CSIRO research from 2016 suggests koalas in Port Stephens can move hundreds of metres in a day and up to 5km in one month. Movement is highest during the breeding season. This potential for koalas to move away was a key reason the NSW government approved the expansion.

Koalas can move in to the remaining property to breed, or they can move away from it. But habitat outside the expansion site is, on average, lesser quality, and this is where the expansion would force the koalas to move to.




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This habitat fragmentation would not only result in lost access to potential breeding grounds, but also further restrict movement and expose koalas to threats such as predation or road traffic.

Lastly, the expansion would sever a crucial East–West corridor koalas likely use to move across the landscape and breed.

Approved under the state’s weak environmental protections

It may seem surprising this destructive project was approved by the NSW government. But it’s a common story under the state’s protections.

Alarm over the weaknesses of NSW environmental protections has been raised by NSW government agencies including the Natural Resources Commission and NSW Audit Office.




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The expansion approval is an example of how the NSW government relaxed the regulatory requirements for land clearing between 2016 and 2017. This led to a 13-fold increase in land clearing approvals, and tipped the balance away from sustainable development.

Female and male koalas spotted 1 km from the quarry boundary. The male was observed bellowing 96 m from the female koala. Photo: Lachlan Howell.

The expansion shines another spotlight on NSW’s poor biodiversity offset laws.

Biodiversity offsets involve compensating for environmental damage in one location by improving the environment elsewhere. Under the expansions approval, the developer was required to protect an estimated 450 hectares of habitat as offset.

But the recent parliamentary inquiry into NSW koalas recommended offsetting of prime koala habitat — such as that involved in the quarry expansion — be prohibited, which would mean not destroying the habitat in the first place.




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Let there be no doubt: blame for our failing environment laws lies squarely at the feet of government


The NSW decision also does not account for the Black Summer Bushfires which claimed 5,000 koalas and burned millions of hectares of koala habitat. The Port Stephens population was unburned but more than 75% of its habitat has been lost since colonial occupation. Securing this population is important for the overall security of koalas in the state.

The koalas are in Sussan Ley’s hands

Sussan Ley will now assess the expansion under the EPBC Act. A recent interim report into the laws said they’d allowed an “unsustainable state of decline” of Australia’s environment.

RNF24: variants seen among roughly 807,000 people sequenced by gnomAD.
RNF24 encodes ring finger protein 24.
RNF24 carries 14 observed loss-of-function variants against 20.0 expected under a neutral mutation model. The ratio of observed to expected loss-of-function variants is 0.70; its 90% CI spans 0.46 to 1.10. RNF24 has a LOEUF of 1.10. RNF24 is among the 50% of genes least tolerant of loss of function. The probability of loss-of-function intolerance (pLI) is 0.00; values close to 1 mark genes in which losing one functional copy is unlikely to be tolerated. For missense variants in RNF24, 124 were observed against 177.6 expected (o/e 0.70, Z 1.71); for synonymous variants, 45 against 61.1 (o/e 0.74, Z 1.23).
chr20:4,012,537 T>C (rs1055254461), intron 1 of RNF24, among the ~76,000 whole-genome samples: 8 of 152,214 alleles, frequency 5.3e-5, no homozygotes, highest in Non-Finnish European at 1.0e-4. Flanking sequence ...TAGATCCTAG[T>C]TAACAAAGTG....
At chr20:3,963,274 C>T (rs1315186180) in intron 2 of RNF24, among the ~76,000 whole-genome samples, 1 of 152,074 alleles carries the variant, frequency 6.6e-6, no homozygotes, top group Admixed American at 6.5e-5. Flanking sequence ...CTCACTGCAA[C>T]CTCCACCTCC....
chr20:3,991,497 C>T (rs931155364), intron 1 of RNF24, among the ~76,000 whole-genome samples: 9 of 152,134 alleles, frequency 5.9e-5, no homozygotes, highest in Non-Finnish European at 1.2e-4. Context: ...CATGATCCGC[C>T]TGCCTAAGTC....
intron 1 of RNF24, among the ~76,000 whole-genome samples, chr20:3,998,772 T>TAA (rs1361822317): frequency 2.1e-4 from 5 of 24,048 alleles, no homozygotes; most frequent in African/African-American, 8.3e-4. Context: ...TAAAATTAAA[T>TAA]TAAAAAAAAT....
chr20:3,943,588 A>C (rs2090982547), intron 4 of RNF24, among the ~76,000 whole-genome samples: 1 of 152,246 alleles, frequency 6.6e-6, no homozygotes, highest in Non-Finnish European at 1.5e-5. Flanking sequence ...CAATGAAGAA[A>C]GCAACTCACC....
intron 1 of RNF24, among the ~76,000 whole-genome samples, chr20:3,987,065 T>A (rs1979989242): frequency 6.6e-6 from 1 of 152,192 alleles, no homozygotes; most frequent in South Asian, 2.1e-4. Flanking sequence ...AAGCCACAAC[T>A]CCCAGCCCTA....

Rejections under these laws are rare; just 22 of 6,500 projects referred for approval under the act have been refused. However, it’s not impossible.

Earlier this year Ley rejected a wind-farm in Queensland which threatened unburned koala habitat. If Ley gives full consideration to the evidence in our report, she should make the same decision.




Read more:
Be worried when fossil fuel lobbyists support current environmental laws


The Conversation


Lachlan G. Howell, PhD Candidate | School of Environmental and Life Sciences, University of Newcastle and Ryan R. Witt, Conjoint Lecturer | School of Environmental and Life Sciences, University of Newcastle

This article is republished from The Conversation under a Creative Commons license. Read the original article.

Australian stinging trees inject scorpion-like venom. The pain lasts for days



Fig B Dexcelsa.

Irina Vetter, The University of Queensland; Edward Kalani Gilding, The University of Queensland, and Thomas Durek, The University of Queensland

Australia is home to some of the world’s most dangerous wildlife. Anyone who spends time outdoors in eastern Australia is wise to keep an eye out for snakes, spiders, swooping birds, crocodiles, deadly cone snails and tiny toxic jellyfish.

But what not everybody knows is that even some of the trees will get you.

Our research on the venom of Australian stinging trees, found in the country’s northeast, shows these dangerous plants can inject unwary wanderers with chemicals much like those found in the stings of scorpions, spiders and cone snails.

The stinging trees

In the forests of eastern Australia there are a handful of nettle trees so noxious that signs are commonly placed where humans trample through their habitat. These trees are called gympie-gympie in the language of the Indigenous Gubbi Gubbi people, and Dendrocnide in botanical Latin (meaning “tree stinger”).

A casual split-second touch on an arm by a leaf or stem is enough to induce pain for hours or days. In some cases the pain has been reported to last for weeks.